Catholic universities today have a special role to fulfil in the deepening of a liberating anthropology which considers man in his body and spirit and they can enter a new dialogue with all men and women of good will. Beginning with their vocation and their Christian identity, Catholic universities will be able to respond effectively to the current great challenge.
I also address an urgent reminder to those Catholics who usually work in the universities and research centers, that all of them unite to defend man, considered both individually and collectively, at the present moment and in the future. I am convinced that my reminder will meet with a firm and generous response on the part of all the Church leaders: the religious, the laity, men and women of every age.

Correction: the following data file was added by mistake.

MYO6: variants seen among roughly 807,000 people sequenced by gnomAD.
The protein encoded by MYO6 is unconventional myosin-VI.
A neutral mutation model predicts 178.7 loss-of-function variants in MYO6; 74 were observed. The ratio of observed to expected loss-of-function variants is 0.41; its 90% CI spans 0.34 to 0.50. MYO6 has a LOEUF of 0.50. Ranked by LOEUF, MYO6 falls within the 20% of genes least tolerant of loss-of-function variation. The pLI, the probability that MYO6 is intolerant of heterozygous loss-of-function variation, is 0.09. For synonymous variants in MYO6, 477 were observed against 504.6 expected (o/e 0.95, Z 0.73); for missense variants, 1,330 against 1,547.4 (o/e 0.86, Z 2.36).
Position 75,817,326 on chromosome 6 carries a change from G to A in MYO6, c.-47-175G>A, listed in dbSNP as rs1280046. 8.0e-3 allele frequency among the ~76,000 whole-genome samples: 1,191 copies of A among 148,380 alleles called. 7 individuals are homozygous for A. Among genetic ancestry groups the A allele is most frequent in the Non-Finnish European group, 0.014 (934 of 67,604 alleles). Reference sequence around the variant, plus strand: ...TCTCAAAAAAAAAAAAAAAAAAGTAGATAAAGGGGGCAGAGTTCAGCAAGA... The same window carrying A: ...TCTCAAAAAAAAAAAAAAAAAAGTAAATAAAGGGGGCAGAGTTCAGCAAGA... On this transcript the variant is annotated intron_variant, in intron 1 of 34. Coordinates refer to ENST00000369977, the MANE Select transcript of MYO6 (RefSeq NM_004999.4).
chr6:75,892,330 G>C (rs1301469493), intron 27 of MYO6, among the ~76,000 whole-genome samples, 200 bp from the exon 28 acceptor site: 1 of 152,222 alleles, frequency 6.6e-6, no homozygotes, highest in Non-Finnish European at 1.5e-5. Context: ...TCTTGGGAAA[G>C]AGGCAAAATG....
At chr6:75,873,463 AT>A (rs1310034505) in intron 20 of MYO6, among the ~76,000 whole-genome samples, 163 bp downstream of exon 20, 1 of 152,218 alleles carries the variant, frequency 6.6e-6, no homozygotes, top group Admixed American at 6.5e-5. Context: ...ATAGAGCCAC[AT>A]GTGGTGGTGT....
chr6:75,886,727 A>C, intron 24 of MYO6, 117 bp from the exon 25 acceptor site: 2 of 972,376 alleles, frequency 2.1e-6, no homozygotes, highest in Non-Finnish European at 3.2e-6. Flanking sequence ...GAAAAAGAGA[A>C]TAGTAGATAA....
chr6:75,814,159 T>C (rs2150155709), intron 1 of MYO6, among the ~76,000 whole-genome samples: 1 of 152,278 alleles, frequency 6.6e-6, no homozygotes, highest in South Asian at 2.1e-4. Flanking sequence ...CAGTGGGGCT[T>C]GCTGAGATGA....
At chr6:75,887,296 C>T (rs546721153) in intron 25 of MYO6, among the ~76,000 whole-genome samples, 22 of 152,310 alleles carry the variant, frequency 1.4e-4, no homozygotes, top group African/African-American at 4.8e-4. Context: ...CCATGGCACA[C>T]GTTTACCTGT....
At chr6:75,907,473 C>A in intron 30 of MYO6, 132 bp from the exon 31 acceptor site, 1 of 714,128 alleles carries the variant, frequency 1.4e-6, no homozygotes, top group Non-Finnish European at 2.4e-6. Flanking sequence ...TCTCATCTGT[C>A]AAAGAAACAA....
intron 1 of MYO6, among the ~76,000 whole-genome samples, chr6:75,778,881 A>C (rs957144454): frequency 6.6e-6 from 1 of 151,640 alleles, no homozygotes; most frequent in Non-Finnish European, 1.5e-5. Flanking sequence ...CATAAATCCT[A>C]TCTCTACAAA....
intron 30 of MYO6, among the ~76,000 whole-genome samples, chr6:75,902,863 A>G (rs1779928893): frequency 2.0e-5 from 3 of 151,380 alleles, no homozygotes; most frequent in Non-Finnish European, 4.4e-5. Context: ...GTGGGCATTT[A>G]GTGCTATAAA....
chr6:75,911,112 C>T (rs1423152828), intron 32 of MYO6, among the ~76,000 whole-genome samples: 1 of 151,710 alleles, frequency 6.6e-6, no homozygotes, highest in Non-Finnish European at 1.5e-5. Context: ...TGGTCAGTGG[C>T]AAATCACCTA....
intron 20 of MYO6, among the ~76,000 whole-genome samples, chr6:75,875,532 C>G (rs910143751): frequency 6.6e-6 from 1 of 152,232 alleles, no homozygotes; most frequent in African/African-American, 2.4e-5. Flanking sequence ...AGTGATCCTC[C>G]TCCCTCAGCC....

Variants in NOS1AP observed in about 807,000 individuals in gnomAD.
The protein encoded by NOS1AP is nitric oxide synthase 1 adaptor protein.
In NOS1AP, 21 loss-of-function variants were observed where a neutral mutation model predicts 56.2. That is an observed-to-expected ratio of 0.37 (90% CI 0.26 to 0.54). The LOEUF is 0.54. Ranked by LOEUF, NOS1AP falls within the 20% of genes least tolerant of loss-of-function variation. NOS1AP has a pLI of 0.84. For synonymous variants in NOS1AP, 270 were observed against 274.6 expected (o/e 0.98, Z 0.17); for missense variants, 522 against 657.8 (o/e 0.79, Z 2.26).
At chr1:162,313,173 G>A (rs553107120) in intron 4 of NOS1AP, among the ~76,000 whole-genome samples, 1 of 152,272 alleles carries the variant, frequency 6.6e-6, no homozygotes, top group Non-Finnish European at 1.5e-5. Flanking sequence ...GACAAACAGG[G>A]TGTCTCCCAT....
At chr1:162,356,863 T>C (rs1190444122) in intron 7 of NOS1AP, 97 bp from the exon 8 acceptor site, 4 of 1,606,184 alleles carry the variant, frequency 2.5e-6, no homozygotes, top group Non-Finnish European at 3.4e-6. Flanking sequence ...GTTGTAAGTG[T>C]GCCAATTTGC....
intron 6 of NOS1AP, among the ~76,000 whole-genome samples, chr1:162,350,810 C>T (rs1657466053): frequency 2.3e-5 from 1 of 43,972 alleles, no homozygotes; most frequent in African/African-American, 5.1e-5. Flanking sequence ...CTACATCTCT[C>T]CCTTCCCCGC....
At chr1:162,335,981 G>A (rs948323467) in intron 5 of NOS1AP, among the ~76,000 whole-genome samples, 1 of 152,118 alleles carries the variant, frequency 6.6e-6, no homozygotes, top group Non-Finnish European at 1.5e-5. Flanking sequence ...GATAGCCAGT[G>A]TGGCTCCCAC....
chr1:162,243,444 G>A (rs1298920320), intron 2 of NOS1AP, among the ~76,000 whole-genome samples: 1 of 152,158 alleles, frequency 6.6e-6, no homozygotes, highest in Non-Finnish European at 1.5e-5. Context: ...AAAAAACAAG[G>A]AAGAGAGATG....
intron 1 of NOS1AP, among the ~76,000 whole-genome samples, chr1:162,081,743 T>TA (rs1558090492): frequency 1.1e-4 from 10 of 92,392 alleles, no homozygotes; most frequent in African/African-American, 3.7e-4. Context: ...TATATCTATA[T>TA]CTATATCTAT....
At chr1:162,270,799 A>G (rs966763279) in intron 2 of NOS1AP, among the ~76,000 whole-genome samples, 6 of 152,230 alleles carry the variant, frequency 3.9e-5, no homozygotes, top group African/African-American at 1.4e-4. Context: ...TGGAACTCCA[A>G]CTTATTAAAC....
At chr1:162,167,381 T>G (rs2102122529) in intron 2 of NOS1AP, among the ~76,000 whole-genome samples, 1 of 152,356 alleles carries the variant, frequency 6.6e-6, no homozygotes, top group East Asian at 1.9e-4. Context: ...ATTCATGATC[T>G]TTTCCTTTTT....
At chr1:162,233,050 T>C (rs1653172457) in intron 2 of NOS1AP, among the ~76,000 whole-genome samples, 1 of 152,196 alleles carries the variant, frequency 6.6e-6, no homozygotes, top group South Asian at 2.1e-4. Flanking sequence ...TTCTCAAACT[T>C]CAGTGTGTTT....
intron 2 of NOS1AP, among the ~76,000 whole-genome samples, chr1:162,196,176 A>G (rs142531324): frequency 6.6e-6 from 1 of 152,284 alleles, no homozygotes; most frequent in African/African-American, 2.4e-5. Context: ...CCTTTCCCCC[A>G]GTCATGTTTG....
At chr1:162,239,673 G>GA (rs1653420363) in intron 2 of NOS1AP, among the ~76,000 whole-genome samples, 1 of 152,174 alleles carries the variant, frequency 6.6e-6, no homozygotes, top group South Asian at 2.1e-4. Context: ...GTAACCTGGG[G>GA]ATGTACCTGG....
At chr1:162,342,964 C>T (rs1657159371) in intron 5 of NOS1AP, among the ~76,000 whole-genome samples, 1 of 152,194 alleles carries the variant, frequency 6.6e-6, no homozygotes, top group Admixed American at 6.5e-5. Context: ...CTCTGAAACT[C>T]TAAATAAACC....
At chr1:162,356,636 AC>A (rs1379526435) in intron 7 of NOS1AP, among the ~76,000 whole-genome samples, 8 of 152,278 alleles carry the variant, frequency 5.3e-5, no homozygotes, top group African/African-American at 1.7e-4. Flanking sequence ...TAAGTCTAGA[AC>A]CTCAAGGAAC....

Thinking of these very serious issues of our era, I decided to create the Pontifical Council for Culture (cf. L’Osservatore Romano, English edition, 28 June 1982), to give the Church an impulse in such important matters and at the same time to testify to the great interest of the Holy See in the dialogue of cultures and in the intellectual advancement of man.
To you, the leaders and members of the university world of this geographical area, I renew my profound esteem for your high and important mission, and I ask him who is the fullness of truth and man’s destiny to direct your ways and orient them to the good of mankind and to elevate them toward a height of transcendency.
Source of the English text: Osservatore Romano, English Weekly Edition, 1983, April 28, pp. 8-9.